• Test tubes, 10‐ml to 15‐ml (autoclaved)
  • Roller at 37°C
  • 500‐ml flask (autoclaved)
  • Shakers at 37°C and 30°C
  • Spectrophotometer
  • 1.5‐ml microcentrifuge tubes
  • Microcentrifuge (e.g., Eppendorf, cat. no. 5424R)
  • Large‐scale centrifuge that holds 1 liter centrifuge bottles (e.g., Sorvall RC3B Plus with H6000A rotor)
  • 1‐liter centrifuge bottles
  • French pressure cell (GlenMills, cat. no. 6800‐FA‐032)
  • French press (e.g., GlenMills)
  • Bottles, 100 ml
  • Medium speed centrifuge (e.g., Sorvall™ RC 6 Plus)
  • SS34 rotor
  • SS34 centrifuge tubes with appropriate caps (Thermo Scientific, cat. no. 3119‐0030)
  • T‐647.5 ultracentrifuge rotor
  • Ultracentrifuge (e.g., Sorvall WX 80+)
  • T‐647.5 ultracentrifuge tubes with caps (Seton Scientific, cat. no. 5097)
  • High vacuum grease
  • Rocker at 4°C
  • Column body, 1 × 10‐cm (BioRad, cat. no. 7374011)
  • 10‐ml pipets (Sigma‐Aldrich, cat. no. CLS4492‐200EA)
  • Tongue depressors
  • Additional reagents and equipment for SDS gel electrophoresis of proteins (unit 10.1; Gallagher, ), including 10% polyacrylamide SDS‐PAGE gels, SDS‐PAGE running buffer, protein molecular weight markers (BioRad, cat. no. 161‐0375)

Support Protocol 1: Further Purification of a Membrane Protein Using Gel Filtration Chromatography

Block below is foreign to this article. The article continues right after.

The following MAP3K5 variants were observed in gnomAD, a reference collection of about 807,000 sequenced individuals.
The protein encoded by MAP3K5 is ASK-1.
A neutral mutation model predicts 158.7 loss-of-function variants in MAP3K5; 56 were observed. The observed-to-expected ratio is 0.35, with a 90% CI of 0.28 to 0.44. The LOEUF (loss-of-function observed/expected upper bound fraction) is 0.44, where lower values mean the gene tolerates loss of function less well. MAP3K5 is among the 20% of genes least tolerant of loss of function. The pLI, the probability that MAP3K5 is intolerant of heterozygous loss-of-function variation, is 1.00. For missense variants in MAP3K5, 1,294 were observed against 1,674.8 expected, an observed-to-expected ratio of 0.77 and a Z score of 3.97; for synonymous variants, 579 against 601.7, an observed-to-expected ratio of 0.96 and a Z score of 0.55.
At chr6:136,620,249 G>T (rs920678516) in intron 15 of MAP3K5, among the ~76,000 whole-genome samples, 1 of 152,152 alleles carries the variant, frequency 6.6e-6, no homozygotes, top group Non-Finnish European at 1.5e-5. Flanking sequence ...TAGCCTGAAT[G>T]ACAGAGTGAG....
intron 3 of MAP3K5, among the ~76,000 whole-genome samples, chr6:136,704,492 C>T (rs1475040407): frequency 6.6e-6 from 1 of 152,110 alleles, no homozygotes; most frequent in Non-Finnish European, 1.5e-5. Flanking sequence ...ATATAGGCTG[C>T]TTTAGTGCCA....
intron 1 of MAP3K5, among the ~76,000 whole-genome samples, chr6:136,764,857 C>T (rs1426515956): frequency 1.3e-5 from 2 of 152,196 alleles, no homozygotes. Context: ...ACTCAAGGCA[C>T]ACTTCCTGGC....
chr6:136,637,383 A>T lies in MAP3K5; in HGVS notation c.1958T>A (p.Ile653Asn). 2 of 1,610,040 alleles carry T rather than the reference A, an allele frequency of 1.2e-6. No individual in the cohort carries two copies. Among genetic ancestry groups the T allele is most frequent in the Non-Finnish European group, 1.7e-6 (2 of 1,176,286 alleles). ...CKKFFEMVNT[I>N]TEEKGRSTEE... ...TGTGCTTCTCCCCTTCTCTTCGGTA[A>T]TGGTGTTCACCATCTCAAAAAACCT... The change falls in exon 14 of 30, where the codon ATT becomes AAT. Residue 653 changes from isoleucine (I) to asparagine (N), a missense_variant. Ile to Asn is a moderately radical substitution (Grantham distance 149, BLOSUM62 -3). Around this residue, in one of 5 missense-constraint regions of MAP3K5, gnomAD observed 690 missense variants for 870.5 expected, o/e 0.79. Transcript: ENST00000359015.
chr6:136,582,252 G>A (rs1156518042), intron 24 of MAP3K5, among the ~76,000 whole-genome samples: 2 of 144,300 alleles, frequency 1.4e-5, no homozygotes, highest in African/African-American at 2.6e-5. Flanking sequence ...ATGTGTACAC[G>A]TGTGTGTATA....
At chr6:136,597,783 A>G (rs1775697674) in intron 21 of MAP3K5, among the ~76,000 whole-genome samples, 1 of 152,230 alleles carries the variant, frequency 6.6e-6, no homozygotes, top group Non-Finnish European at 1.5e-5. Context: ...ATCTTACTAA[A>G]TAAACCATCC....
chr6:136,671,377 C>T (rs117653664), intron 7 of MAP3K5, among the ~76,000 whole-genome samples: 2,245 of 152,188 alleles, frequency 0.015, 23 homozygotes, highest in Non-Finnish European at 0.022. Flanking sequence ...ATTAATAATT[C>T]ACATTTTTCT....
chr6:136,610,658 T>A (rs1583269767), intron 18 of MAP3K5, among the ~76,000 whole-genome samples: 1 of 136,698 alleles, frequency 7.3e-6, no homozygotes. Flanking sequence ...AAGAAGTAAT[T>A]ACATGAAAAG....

Additional Materials (also see Basic Protocol 1)
  • Pooled fractions of protein‐detergent complex solution from Basic Protocol 1, step 24
  • Filtered dH 2O
  • Gel filtration running buffer (see recipe)
  • Filtered 20% (v/v) ethanol (EtOH)
  • Spin concentrator, for example Millipore Amicon Ultra‐15 (Millipore, cat. no. UFC903008)
  • Akta chromatography system with fraction collector
  • 240‐μl loading loop for Akta system
  • Superose 12 30/10 column (GE Healthcare, cat. no. 17‐5173‐01)
  • Syringe (Fisher, cat. no. 14‐823‐16D)
  • Syringe filter (Sigma‐Aldrich, cat. no. Z359904‐50EA)
  • Test tubes that fit in fraction collector (Fisher, cat. no. 14‐959‐70C)

Support Protocol 2: Identifying Detergent for Membrane Protein Solubilization

  Additional Materials (also see Basic Protocol 1)
  • Membrane suspension from Basic Protocol 1, step 15
  • Detergent stock solutions (see reciperecipes)
  • TLA100.3 rotor
  • Ultracentrifuge tubes for TLA100.3 rotor ((Beckman Coulter, cat. no. 349622)
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Figures

Videos

Literature Cited

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Internet Resources
  http://www.jove.com/video/2134/expression‐deterxgent‐solubilization‐purification‐membrane‐transporter
  This video illustrates the purification of a recombinant bacterial integral membrane protein, the MexB protein from Pseudomonas aeruginosa, expressed in E. coli (Bhatt and Jeffery, ).
  https://www.anatrace.com/Technical‐Documentation/Catalogs/Anatrace‐Detergents‐Booklet‐FINAL.aspx
  This is a link to a resource entitled Detergents and their Uses in Membrane Protein Science provided by Anatrace, Inc., Maumee, OH 43537.